Bookshelf: Summer 2011

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Two grads have showcased fine world cuisines in their recent books: Madisonian Ronnie Hess MA’69 has published Eat Smart in France (Gingko Press), while Sarah Marx Feldner ’98 of Shorewood, Wisconsin, has served up A Cook’s Journey to Japan: Fish Tales and Rice Paddies, 100 Homestyle Recipes from Japanese Kitchens (Tuttle Publishing). It was nominated as one of the top sixteen cookbooks of 2010 by food52.com.

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Despite his many years spent discussing Life’s Big Questions as a college professor, literary scholar, and the host of the daily, San Francisco-based NPR talk show Forum with Michael Krasny, Michael Krasny PhD’72 still found himself without answers to those questions. To wit, he presents Spiritual Envy: An Agnostic’s Quest (New World Library): a “delightfully personal and wonderfully universal reflection” in which he “seeks not to convince, but to converse.” It includes a foreword by Krasny’s friend and fellow author Joyce Carol Oates (Smith) MA’61.

Examining a large shopping bag full of letters — hundreds written by her father to her mother — compelled anthropologist Nancy Oestreich Lurie ’45 of Greendale, Wisconsin, to write Love and Other Letters: a “special look at Milwaukee and the nation … roughly [during] the period of the gaslight era to the Jazz Age.” The Milwaukee County Historical Society published the work and receives all proceeds.

Captive! The Story of David Ogden and the Iroquois (Praeger Publishing) — the amazing true story of the capture, forced adoption, and eventual escape of a sixteen-year-old Revolutionary War soldier — was originally released as a pulp-fiction booklet in 1840. Co-author Jack (John) Harpster ’59 of Reno, Nevada, then corrected the errors and biases and added new, research-driven detail to make it one of the first works in the genre to receive that reworking.

Imagine the almost unimaginable: a boy born into a Dalit family of bonded laborers in India during the 1920s, taking his school lessons sitting outside of the classroom due to his “untouchable” caste status, arriving in the U.S., and earning a doctorate at UW–Madison. That boy became Namdeo Nimgade PhD’62, and his life story became In the Tiger’s Shadow: The Autobiography of an Ambedkarite (Navayana). One section is devoted to his mentor, the legendary Dalit leader Babasaheb Ambedkar.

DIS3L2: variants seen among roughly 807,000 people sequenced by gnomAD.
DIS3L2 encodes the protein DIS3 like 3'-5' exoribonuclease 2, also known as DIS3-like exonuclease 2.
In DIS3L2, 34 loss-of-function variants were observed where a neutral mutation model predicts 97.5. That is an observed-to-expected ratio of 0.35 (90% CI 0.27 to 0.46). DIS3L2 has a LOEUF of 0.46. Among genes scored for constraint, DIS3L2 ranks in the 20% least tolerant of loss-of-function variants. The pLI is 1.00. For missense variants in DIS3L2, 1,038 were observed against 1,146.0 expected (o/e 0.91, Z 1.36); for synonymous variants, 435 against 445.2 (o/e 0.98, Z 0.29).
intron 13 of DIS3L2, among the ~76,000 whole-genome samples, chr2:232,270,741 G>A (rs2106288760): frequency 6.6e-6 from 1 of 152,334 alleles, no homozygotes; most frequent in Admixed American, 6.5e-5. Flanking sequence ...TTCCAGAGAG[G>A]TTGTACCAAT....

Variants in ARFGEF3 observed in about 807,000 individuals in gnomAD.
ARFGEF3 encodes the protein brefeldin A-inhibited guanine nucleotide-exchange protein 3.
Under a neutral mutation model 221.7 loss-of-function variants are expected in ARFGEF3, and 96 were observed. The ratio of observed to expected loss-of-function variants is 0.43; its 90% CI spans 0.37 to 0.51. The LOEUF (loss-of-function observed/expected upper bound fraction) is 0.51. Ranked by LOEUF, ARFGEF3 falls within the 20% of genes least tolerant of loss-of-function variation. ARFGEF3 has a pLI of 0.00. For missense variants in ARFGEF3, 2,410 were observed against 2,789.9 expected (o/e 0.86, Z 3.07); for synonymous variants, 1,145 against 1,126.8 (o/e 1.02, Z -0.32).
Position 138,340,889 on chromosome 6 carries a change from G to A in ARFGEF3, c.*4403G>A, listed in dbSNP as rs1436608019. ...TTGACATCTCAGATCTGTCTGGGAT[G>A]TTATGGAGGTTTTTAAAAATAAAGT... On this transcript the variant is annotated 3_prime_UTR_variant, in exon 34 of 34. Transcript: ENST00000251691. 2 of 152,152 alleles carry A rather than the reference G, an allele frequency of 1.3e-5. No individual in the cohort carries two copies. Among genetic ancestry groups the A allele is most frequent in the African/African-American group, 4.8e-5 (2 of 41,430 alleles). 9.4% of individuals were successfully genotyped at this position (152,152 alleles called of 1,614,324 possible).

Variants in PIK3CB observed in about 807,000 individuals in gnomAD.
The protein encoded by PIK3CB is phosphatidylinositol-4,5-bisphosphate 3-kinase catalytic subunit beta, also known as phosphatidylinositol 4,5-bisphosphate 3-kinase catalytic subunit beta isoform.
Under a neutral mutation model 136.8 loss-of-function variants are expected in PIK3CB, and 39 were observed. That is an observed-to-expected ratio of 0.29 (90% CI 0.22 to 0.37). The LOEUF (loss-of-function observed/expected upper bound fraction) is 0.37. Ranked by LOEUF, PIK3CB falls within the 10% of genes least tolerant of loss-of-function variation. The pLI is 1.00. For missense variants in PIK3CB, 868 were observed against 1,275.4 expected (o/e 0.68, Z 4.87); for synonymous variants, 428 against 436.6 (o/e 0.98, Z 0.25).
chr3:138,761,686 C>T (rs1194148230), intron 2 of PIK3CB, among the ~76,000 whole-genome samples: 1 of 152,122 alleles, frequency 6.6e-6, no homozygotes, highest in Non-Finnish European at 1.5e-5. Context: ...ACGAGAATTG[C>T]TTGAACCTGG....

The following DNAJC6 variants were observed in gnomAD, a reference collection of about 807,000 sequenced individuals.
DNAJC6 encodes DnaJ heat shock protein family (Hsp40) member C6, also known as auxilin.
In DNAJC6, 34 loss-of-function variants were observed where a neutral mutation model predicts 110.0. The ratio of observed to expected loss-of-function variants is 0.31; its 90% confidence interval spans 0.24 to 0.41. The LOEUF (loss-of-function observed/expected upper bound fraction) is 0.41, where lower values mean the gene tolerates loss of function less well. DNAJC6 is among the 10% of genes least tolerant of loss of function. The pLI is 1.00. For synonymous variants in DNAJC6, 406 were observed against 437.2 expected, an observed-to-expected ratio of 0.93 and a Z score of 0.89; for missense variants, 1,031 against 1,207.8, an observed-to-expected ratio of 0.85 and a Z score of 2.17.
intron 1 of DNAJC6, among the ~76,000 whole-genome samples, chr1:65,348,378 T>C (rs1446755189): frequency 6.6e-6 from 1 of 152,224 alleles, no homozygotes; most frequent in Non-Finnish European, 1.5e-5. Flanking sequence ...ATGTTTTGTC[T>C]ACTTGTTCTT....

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Dread it or not, most scientists must occasionally stand before an audience — and thus the title of co-author D. (David) Eric Walters ’74’s book: Scientists Must Speak, Second Edition (CRC Press). It’s designed to help those in the sciences to make their presentations more interesting, accessible, and effective. And Walters should know: he’s a professor of biochemistry, molecular biology, and pharmaceutical sciences at Rosalind Franklin University of Medicine and Science in North Chicago, Illinois.

The Reagan Files: The Untold Story of Reagan’s Top-Secret Efforts to Win the Cold War (CreateSpace) — based on recently declassified letters and National Security Council meeting minutes — is an unprecedented look at how former President Reagan managed the divide between two powerful nations. Its author, Jason Saltoun-Ebin JD’07 of Pacific Palisades, California, began researching Reagan’s presidency in 2001 as an archival research assistant to presidential historian Richard Reeves.

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Plants and trees are on the minds of four Badger authors. The latest from nature and travel writer Candice Gaukel Andrews ’77 of Sun Prairie, Wisconsin — Beyond the Trees: Stories of Wisconsin Forests (Wisconsin Historical Society Press) — blends contemporary observations with historical details, beautiful photos, archival images, and maps. Lifelong gardener Ray Rogers MS’79 of North Brunswick, New Jersey, has penned his fourth book, the Encyclopedia of Container Plants: More than 500 Outstanding Choices for Gardeners (Timber Press). Photographer and speaker Lynn Marquardt Steiner ’80 of Stillwater, Minnesota, has included several photos of the UW Arboretum in her book, Prairie-Style Gardens: Capturing the Essence of the American Prairie Wherever You Live (Timber Press). And Wisconsin Wildflowers in 3D (Planert Creek Press), by David Tank MA’80 of Menomonie, Wisconsin, comes with 3D glasses to make the flora practically jump off the page. Tank is a senior lecturer in journalism and mass communication at UW-Stout.

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“I understand that it can be queasy business to face this issue,” says Treacy Colbert MA’81 about Before It’s Too Late: What Parents Need to Know about Teen Pregnancy and STD Prevention (iUniverse), a book she’s co-authored to provide perspective and advice to parents. Colbert is a writer and editor in Long Beach, California.

Published in the Summer 2011 issue

Tags: Alumni, books

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